Fletcher: Your essay examines the political activities of Madame Maymie de Mena, a key leader in the UNIA. You argue that despite her political prominence and influence, she has been “undertheorized.” Can you tell us more about her marginalization in the primary and secondary sources and your thoughts as to why this has been the case?

Morris: I learned about Madame de Mena more than ten years ago as an undergraduate in a class that Frank Guridy, author of Forging Diaspora: Afro-Cubans and African Americans in a World of Empire and Jim Crow (2010), was teaching at the University of Texas at Austin. At that time, everything I read claimed that she was a Nicaraguan immigrant who came to the United States in the early 1920s. As I studied her life I began to realize that her standard biography had not been closely examined. This surprised me because by the late 1920s, de Mena was one of the most visible and important figures in the UNIA as demonstrated by the coverage in the Negro press and the UNIA’s publication, The Negro World.

So part of what I wanted to do in this piece is to trace the early part of her life, which had been largely ignored in the secondary literature and to find archival sources that would provide a richer account of her many migrations and political transformations. The fact that she has received so little scholarly attention is a reflection of the fact that perhaps she did too good a job renarrating her own biography—making it difficult for historians to produce accurate accounts of her life. But beyond that, the scholarship has tended to privilege what Lara Putnam refers to as “great man” accounts of Pan-Africanism that obscure the central role that women played in building this political project. There are, however, several scholars who are doing some important work on her including Natanya Duncan and Melissa Castillo-Garsow, which is an encouraging development.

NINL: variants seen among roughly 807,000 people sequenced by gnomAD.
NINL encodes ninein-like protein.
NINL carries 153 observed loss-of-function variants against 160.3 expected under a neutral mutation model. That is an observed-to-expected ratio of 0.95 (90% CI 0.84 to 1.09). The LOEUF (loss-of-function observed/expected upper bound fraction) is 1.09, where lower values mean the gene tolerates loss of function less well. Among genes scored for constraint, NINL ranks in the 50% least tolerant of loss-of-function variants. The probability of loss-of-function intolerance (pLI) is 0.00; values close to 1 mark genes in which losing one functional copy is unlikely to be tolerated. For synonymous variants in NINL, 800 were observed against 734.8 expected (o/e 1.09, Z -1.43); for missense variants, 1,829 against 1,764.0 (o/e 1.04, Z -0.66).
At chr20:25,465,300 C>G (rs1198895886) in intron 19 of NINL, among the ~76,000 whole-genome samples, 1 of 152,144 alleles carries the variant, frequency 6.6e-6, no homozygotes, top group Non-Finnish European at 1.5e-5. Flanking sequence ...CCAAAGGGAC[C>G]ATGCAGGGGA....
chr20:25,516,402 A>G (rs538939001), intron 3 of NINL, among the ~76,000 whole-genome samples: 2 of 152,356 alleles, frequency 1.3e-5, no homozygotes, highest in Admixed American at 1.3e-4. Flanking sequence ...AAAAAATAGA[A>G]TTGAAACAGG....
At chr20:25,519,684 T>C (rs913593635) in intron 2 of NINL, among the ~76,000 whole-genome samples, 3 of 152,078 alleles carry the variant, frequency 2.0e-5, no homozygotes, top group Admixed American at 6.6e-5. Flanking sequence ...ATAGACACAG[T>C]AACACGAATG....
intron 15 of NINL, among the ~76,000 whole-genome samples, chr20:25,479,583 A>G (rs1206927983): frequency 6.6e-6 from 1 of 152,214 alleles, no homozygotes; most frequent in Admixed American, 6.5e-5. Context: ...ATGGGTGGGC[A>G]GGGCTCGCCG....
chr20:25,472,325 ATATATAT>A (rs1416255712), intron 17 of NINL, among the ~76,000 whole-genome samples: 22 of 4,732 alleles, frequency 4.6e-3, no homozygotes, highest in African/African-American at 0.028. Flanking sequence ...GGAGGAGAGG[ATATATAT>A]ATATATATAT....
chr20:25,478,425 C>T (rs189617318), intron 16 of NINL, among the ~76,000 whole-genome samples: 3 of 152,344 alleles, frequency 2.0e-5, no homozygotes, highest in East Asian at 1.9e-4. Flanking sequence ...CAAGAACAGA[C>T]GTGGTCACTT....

UNIA’s Black Cross Nurses (1922)

Fletcher: Could you tell us more about how your work contributes to the growing literature on women, gender, and Garveyism—and Pan-Africanism more broadly? What do you see as the key historiographical interventions of the piece? How does the piece engage the scholarship of Ula Taylor, Asia Leeds, Keisha N. Blain and others?

Morris: Part of what I am trying to do in my work is to demonstrate how central black women are and historically have been to the making of diasporic networks of political solidarity, cultural exchange, and transnational mobilization in ways that are largely overlooked. I argue that these women were not passive spectators or obscure supporting actors but were at the frontlines building the political infrastructure to resist global white supremacy. My work on de Mena would not have been possible without the work of scholars like Ula Taylor, Asia Leeds, and Keisha Blain. They are all doing important work creating a space for black feminist historiography that enriches the broader field of black diaspora scholarship. I first read Ula Taylor’s biography of Amy Jacques Garvey when I began studying de Mena’s life. As a Central Americanist, I was thrilled to learn about Asia Leeds’ work on Garveyism in Costa Rica and black women’s participation in that political project. Finally, Keisha Blain is a dear colleague whose generosity provided the last crucial bits of information that helped me crack open the mystery of Madame de Mena’s life. Beyond that, I think her critical work on understudied figures like Pearl Sherrod in Detroit and Mittie Maude Lena Gordon in Chicago has opened up some important paths for understanding how actively black women were engaged in the global movement to dismantle white supremacy.

Fletcher: In your essay, you demonstrate how Madame Maymie de Mena anchored her identity in Central America in order to do diasporic work during the twentieth century. Can you tell us more about why she felt a non-U.S. Black identity was important to do this work?